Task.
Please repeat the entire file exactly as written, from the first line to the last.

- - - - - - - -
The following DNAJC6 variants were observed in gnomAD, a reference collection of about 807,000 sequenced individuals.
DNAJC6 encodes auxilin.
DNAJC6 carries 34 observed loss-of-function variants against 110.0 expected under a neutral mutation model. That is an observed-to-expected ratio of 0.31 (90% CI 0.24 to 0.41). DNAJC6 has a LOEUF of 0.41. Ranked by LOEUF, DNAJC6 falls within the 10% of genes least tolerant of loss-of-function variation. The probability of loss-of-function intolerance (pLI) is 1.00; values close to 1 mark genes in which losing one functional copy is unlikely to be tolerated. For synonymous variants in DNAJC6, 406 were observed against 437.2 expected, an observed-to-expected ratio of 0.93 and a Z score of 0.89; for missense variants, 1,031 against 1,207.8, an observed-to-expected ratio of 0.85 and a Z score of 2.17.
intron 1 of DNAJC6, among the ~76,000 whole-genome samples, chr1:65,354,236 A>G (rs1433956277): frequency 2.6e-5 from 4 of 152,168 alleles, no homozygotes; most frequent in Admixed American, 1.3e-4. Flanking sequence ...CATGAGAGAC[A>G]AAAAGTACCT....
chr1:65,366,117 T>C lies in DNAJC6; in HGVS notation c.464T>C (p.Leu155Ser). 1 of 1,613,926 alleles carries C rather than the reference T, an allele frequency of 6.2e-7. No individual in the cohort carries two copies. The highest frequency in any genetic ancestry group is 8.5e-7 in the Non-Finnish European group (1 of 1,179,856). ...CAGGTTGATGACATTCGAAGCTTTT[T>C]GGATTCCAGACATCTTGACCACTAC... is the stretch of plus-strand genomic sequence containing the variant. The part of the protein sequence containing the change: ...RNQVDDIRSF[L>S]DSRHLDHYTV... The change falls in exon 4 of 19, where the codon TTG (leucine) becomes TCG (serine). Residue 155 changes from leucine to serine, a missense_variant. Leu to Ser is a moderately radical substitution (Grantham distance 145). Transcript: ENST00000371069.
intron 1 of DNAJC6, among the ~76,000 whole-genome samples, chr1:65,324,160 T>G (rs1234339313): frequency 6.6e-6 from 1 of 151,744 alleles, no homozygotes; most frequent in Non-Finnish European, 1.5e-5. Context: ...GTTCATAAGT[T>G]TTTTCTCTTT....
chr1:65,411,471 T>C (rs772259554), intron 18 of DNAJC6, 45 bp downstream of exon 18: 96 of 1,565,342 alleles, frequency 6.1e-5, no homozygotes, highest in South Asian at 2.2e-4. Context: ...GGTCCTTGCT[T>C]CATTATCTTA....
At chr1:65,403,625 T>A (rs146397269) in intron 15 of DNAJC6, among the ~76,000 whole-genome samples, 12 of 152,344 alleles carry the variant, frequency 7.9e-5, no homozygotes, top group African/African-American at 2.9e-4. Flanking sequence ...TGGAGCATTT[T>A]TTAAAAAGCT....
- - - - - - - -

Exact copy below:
The following DNAJC6 variants were observed in gnomAD, a reference collection of about 807,000 sequenced individuals.
DNAJC6 encodes auxilin.
DNAJC6 carries 34 observed loss-of-function variants against 110.0 expected under a neutral mutation model. That is an observed-to-expected ratio of 0.31 (90% CI 0.24 to 0.41). DNAJC6 has a LOEUF of 0.41. Ranked by LOEUF, DNAJC6 falls within the 10% of genes least tolerant of loss-of-function variation. The probability of loss-of-function intolerance (pLI) is 1.00; values close to 1 mark genes in which losing one functional copy is unlikely to be tolerated. For synonymous variants in DNAJC6, 406 were observed against 437.2 expected, an observed-to-expected ratio of 0.93 and a Z score of 0.89; for missense variants, 1,031 against 1,207.8, an observed-to-expected ratio of 0.85 and a Z score of 2.17.
intron 1 of DNAJC6, among the ~76,000 whole-genome samples, chr1:65,354,236 A>G (rs1433956277): frequency 2.6e-5 from 4 of 152,168 alleles, no homozygotes; most frequent in Admixed American, 1.3e-4. Flanking sequence ...CATGAGAGAC[A>G]AAAAGTACCT....
chr1:65,366,117 T>C lies in DNAJC6; in HGVS notation c.464T>C (p.Leu155Ser). 1 of 1,613,926 alleles carries C rather than the reference T, an allele frequency of 6.2e-7. No individual in the cohort carries two copies. The highest frequency in any genetic ancestry group is 8.5e-7 in the Non-Finnish European group (1 of 1,179,856). ...CAGGTTGATGACATTCGAAGCTTTT[T>C]GGATTCCAGACATCTTGACCACTAC... is the stretch of plus-strand genomic sequence containing the variant. The part of the protein sequence containing the change: ...RNQVDDIRSF[L>S]DSRHLDHYTV... The change falls in exon 4 of 19, where the codon TTG (leucine) becomes TCG (serine). Residue 155 changes from leucine to serine, a missense_variant. Leu to Ser is a moderately radical substitution (Grantham distance 145). Transcript: ENST00000371069.
intron 1 of DNAJC6, among the ~76,000 whole-genome samples, chr1:65,324,160 T>G (rs1234339313): frequency 6.6e-6 from 1 of 151,744 alleles, no homozygotes; most frequent in Non-Finnish European, 1.5e-5. Context: ...GTTCATAAGT[T>G]TTTTCTCTTT....
chr1:65,411,471 T>C (rs772259554), intron 18 of DNAJC6, 45 bp downstream of exon 18: 96 of 1,565,342 alleles, frequency 6.1e-5, no homozygotes, highest in South Asian at 2.2e-4. Context: ...GGTCCTTGCT[T>C]CATTATCTTA....
At chr1:65,403,625 T>A (rs146397269) in intron 15 of DNAJC6, among the ~76,000 whole-genome samples, 12 of 152,344 alleles carry the variant, frequency 7.9e-5, no homozygotes, top group African/African-American at 2.9e-4. Flanking sequence ...TGGAGCATTT[T>A]TTAAAAAGCT....